Commentary Magazine


Living with Free Speech

Whenever I am forced—as I have been this month by Alexander M. Bickel (p. 60)—to think seriously about freedom of speech and the problems it poses, I instantly find myself getting depressed. I tend to take an absolutistic position on freedom of speech, roughly on the ground that restricting it seems on the whole to entail more odious consequences than letting it run entirely wild. Yet I know that the absolutist position is very hard to uphold against the arguments Mr. Bickel recites. And not only is the absolutist position highly vulnerable on the theoretical plane; it is increasingly hard to defend wholeheartedly in the face of certain of its concrete results, the most vivid of which is the spread of hard-core pornography. As it happens, I myself am not as troubled by this particular phenomenon as many libertarians are, but I do have my own favorite horrible examples. The main one is the truly astonishing privilege enjoyed since the Sullivan case by the press and television to libel with impunity, to lie with impunity, and with equal impunity to invade the privacy of anyone whose privacy they choose to invade.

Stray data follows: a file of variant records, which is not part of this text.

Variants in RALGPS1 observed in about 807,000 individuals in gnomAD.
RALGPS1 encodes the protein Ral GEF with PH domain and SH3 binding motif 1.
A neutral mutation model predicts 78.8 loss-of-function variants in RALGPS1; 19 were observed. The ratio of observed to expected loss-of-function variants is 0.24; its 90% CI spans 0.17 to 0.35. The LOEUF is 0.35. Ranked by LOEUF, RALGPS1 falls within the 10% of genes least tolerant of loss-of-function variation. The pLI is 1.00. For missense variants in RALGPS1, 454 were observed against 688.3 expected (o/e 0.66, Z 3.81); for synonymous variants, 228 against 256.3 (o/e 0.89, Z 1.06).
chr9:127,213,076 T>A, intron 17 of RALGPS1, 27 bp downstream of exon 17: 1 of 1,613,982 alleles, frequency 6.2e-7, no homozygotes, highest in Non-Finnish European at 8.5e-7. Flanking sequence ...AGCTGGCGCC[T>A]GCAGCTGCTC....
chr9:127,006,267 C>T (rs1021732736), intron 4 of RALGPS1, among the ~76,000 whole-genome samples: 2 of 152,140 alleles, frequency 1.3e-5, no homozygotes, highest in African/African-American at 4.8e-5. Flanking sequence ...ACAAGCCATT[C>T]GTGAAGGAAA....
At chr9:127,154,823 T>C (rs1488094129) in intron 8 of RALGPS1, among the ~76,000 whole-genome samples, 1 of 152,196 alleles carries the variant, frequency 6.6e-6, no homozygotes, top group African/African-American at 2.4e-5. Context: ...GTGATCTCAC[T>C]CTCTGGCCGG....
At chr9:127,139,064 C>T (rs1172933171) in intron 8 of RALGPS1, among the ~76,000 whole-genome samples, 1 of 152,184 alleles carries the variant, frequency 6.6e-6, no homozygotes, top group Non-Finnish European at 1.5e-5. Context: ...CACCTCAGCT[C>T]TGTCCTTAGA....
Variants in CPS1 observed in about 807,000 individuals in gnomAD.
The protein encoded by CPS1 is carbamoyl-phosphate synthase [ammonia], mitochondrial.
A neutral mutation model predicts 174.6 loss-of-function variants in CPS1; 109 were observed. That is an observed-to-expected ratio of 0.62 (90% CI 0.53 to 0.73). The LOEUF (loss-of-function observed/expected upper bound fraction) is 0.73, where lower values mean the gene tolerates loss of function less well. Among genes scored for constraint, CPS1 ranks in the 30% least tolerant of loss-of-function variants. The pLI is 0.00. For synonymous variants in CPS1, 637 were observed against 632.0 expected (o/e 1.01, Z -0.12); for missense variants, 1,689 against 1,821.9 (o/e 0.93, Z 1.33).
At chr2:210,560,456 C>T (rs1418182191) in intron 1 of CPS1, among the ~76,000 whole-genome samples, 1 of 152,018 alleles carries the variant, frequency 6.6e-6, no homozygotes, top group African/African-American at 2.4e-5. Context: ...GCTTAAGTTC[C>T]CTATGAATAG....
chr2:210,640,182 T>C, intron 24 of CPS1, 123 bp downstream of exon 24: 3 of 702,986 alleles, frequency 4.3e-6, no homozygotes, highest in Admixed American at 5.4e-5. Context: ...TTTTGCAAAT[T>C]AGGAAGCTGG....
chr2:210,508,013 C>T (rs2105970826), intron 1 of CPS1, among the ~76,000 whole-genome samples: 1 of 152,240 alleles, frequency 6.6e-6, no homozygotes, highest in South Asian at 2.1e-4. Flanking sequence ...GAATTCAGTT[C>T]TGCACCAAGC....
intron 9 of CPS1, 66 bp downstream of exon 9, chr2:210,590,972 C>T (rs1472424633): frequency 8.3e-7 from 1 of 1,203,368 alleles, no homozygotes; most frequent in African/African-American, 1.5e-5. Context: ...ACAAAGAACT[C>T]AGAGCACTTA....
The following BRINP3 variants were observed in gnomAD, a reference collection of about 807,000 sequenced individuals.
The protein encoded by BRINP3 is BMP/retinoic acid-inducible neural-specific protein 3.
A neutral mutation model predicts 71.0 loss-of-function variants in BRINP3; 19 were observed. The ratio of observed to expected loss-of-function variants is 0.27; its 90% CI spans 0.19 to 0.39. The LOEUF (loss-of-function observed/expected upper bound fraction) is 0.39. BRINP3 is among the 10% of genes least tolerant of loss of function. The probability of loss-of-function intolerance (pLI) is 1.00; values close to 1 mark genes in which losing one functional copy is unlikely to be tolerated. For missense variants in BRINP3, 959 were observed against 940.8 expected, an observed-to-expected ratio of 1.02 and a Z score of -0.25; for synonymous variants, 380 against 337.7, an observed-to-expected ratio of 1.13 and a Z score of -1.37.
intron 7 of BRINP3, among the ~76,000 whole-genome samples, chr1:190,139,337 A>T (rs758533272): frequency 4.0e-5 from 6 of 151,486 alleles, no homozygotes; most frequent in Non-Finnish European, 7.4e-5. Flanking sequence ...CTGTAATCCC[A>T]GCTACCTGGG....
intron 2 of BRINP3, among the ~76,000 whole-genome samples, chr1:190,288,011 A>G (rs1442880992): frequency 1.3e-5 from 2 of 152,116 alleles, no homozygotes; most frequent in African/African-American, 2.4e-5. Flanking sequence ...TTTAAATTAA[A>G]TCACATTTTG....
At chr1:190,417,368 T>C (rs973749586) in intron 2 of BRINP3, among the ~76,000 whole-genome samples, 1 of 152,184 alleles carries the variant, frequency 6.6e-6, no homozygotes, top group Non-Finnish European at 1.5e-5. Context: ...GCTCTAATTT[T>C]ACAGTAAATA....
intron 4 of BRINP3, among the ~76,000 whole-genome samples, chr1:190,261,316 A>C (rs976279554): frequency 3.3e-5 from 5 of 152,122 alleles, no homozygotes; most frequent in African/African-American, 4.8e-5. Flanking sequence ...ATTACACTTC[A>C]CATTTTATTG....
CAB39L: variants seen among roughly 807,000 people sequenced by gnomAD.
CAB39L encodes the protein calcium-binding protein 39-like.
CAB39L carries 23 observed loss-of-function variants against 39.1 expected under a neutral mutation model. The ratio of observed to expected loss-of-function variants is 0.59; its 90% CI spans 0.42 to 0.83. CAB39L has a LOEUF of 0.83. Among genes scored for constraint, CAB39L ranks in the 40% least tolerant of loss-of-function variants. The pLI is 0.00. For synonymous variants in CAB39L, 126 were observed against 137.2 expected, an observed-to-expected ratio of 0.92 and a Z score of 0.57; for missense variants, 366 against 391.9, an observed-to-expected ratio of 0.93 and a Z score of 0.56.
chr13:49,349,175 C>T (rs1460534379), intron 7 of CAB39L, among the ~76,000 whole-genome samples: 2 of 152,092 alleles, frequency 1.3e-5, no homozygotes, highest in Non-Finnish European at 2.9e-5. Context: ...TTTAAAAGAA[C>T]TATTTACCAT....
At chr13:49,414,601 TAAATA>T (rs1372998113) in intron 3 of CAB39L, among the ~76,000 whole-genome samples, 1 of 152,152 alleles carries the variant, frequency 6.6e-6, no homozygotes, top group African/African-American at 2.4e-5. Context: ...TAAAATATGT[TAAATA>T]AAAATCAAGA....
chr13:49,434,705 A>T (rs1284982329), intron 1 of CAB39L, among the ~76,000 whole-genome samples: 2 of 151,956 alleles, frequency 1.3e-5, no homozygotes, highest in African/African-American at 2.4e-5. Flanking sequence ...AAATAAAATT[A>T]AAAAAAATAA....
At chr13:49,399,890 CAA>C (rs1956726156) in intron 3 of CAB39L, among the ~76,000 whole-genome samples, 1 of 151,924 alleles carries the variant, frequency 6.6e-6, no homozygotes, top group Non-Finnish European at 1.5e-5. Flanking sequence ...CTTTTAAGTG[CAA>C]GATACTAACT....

Being a writer and a magazine editor, I share in that privilege and perhaps I should be grateful for it. Nevertheless, I cannot help wondering why the media should be entitled to unchecked power when no other institution, whether public or private, is deemed by any respectable body of opinion to be so entitled. Indeed, the very people who protest most loudly against any attempt by the government to interfere with the freedom of newspapers or television networks to say or do whatever it may pleas/?/—or profit!—them to do are also the ones most loudly demanding that the government should interfere more and more with the freedom of other private corporations to do whatever it may please or profit them to do.